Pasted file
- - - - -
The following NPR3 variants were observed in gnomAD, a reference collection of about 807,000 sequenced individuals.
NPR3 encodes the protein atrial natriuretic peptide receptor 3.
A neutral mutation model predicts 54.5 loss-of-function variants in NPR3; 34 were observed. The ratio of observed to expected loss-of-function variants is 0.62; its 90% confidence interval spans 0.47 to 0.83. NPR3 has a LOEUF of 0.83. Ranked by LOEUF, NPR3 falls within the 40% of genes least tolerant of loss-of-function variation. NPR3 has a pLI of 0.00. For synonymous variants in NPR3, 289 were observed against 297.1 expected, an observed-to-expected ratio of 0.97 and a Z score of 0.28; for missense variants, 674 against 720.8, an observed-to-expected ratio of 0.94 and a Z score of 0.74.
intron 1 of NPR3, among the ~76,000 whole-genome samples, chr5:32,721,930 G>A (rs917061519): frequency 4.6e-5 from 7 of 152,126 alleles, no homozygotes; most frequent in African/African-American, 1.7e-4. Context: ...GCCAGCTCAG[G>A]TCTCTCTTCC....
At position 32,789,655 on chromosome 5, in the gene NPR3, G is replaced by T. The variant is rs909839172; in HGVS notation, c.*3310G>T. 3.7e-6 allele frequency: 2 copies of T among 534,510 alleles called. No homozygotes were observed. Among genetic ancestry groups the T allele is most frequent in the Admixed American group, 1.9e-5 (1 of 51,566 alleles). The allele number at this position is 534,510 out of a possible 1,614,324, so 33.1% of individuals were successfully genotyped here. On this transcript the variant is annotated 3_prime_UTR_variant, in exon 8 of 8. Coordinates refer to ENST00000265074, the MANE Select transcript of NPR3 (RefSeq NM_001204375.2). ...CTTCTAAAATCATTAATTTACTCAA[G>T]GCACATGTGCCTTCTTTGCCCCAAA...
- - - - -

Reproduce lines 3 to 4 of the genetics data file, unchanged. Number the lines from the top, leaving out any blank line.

A neutral mutation model predicts 54.5 loss-of-function variants in NPR3; 34 were observed. The ratio of observed to expected loss-of-function variants is 0.62; its 90% confidence interval spans 0.47 to 0.83. NPR3 has a LOEUF of 0.83. Ranked by LOEUF, NPR3 falls within the 40% of genes least tolerant of loss-of-function variation. NPR3 has a pLI of 0.00. For synonymous variants in NPR3, 289 were observed against 297.1 expected, an observed-to-expected ratio of 0.97 and a Z score of 0.28; for missense variants, 674 against 720.8, an observed-to-expected ratio of 0.94 and a Z score of 0.74.
intron 1 of NPR3, among the ~76,000 whole-genome samples, chr5:32,721,930 G>A (rs917061519): frequency 4.6e-5 from 7 of 152,126 alleles, no homozygotes; most frequent in African/African-American, 1.7e-4. Context: ...GCCAGCTCAG[G>A]TCTCTCTTCC....